Volunteers fired up by variety

01:20, Jul 02 2009
VALIANT VOLUNTEERS: Station officer Allan Officer, left, and fire police constable Ian Batterbee.

Laying road cones, directing traffic and calming crowds are among the many duties volunteer members of the Auckland Fire Police Unit face, while also holding down fulltime jobs.

An independent unit with 60 volunteers, it provides support to the Fire Service.

Unit deputy chief Glenn Teal says the team helps with significant fires in buildings, motor vehicle accidents where people may be trapped, and non-fire emergencies such as traffic direction or crowd control.

"It is about how to get a crowd to co-operate with public relations and diplomacy, there’s a finesse about it."

Volunteer Awareness Week runs from Sunday to June 20, encouraging first-time volunteers to try something new.

"I have been involved for 30 years. I joined as a university student," says Mr Teal.


"My father was a volunteer for 43 years so the natural thing was to join the volunteer fire brigade."

Mr Teal says the job has been a great interest and a hobby.

He says there are two areas to the work – community services and a more formal role when they are called out.

The crew also operates a canteen that provides refreshments to firefighters on a lengthy job.

Station officer Allan Officer has been in the job 25 years and is a fulltime accountant.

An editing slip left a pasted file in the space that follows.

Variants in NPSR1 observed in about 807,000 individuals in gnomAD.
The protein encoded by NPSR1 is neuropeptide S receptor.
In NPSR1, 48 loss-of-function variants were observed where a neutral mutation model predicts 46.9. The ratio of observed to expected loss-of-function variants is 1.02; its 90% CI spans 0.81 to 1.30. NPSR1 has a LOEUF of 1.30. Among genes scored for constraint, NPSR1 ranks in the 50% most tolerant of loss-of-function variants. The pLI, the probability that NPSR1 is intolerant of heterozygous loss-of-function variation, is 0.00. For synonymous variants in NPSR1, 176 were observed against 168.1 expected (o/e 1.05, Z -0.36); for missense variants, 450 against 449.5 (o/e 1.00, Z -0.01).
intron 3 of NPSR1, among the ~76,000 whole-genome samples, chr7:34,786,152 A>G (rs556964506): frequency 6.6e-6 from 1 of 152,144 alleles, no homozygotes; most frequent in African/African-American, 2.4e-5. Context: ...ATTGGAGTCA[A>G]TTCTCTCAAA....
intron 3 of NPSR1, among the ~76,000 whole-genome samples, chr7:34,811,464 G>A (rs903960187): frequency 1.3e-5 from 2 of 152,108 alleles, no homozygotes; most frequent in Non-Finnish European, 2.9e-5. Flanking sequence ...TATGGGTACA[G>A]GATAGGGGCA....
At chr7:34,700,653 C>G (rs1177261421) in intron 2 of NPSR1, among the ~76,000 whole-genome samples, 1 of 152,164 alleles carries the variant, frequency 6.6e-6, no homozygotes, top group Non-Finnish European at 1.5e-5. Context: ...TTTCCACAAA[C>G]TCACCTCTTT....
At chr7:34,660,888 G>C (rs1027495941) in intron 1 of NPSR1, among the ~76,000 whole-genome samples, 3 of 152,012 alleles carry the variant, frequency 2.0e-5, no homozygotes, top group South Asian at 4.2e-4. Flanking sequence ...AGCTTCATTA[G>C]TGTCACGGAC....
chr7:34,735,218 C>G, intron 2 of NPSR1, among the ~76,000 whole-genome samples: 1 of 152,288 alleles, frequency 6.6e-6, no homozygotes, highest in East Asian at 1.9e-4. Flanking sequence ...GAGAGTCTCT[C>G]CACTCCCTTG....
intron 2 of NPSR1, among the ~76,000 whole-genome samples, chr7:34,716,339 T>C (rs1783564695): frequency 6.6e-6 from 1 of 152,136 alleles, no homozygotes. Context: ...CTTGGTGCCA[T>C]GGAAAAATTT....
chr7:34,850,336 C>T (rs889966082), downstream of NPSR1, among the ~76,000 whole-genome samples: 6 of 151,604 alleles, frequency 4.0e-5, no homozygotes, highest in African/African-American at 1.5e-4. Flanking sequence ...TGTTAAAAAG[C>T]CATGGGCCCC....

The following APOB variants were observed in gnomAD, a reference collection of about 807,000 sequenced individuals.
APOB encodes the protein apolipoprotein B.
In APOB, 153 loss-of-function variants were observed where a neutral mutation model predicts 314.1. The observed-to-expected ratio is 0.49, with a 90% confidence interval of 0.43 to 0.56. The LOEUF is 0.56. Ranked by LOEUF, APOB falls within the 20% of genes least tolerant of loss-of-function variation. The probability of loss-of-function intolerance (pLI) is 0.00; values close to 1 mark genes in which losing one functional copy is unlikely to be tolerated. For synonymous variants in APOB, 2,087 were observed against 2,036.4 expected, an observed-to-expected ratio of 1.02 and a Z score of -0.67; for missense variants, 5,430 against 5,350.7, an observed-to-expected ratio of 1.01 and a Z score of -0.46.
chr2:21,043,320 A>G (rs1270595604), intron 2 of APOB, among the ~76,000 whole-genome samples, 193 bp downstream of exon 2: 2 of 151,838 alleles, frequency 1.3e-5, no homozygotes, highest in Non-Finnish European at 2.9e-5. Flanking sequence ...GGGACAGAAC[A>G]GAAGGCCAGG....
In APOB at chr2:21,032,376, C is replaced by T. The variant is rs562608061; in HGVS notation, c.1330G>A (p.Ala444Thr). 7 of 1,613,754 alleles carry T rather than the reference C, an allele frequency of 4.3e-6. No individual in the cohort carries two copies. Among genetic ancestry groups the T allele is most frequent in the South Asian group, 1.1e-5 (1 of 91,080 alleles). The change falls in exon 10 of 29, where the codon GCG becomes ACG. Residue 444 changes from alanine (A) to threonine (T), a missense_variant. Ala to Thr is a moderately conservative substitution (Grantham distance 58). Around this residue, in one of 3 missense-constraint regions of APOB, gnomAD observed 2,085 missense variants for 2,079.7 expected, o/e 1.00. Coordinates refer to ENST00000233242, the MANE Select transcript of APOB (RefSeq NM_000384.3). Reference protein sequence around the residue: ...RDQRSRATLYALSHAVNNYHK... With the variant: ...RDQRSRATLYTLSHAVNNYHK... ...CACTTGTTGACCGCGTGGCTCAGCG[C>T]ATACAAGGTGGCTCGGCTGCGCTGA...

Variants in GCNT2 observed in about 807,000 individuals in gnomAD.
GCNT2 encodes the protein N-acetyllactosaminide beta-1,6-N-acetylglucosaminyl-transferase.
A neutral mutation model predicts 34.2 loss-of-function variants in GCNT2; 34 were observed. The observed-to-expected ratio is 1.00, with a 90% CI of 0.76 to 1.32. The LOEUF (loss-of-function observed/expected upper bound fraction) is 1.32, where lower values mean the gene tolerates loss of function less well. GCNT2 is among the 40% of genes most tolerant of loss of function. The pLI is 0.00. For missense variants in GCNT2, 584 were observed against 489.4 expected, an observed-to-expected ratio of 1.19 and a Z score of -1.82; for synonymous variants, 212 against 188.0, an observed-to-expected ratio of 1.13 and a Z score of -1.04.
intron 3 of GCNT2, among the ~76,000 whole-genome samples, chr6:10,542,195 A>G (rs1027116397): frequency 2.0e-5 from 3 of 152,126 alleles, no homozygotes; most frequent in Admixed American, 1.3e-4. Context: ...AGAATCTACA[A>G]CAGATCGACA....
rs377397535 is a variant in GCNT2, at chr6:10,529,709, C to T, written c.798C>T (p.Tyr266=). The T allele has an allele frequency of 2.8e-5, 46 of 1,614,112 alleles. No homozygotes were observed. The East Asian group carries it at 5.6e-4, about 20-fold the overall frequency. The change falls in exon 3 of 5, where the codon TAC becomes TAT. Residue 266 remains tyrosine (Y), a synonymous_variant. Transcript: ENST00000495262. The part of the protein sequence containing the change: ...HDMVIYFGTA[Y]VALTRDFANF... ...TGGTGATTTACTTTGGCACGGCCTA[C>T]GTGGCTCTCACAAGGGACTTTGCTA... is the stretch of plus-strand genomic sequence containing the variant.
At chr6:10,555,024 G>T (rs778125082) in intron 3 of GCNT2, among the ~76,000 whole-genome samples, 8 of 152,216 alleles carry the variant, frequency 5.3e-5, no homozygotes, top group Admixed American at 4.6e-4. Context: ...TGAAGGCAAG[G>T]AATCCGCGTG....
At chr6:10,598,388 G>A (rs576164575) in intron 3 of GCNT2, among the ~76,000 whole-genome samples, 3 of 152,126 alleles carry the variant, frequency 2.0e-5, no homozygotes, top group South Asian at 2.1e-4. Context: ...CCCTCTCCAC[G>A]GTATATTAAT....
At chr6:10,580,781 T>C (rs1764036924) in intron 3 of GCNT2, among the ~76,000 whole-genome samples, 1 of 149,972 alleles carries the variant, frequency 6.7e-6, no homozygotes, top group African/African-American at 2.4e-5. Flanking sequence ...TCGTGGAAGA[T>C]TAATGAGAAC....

He says one memorable incident was a large chemical factory fire in 1984.

"There was so much impact on the firefighters and premises. It was a long job."

Fire police constable Ian Batterbee is a network engineer and says there is a large variety of skills in the unit.

He recalls attending the large coolstore fire in Penrose last year which required firefighters to work in shifts, returning home to sleep in between.

Auckland city chief fire officer Brian Edwards says the unit is a useful facility, being able to provide a mobile office.

Staff undergo formal training and the unit receives about 550 calls a year.

Mr Teal says it was initially prompted by a large fire in downtown Auckland in 1933, which the navy attended and the then chief fire officer decided a crew of support people was needed.

For volunteer opportunities go to www.volunteernow.org.nz.

Auckland City Harbour News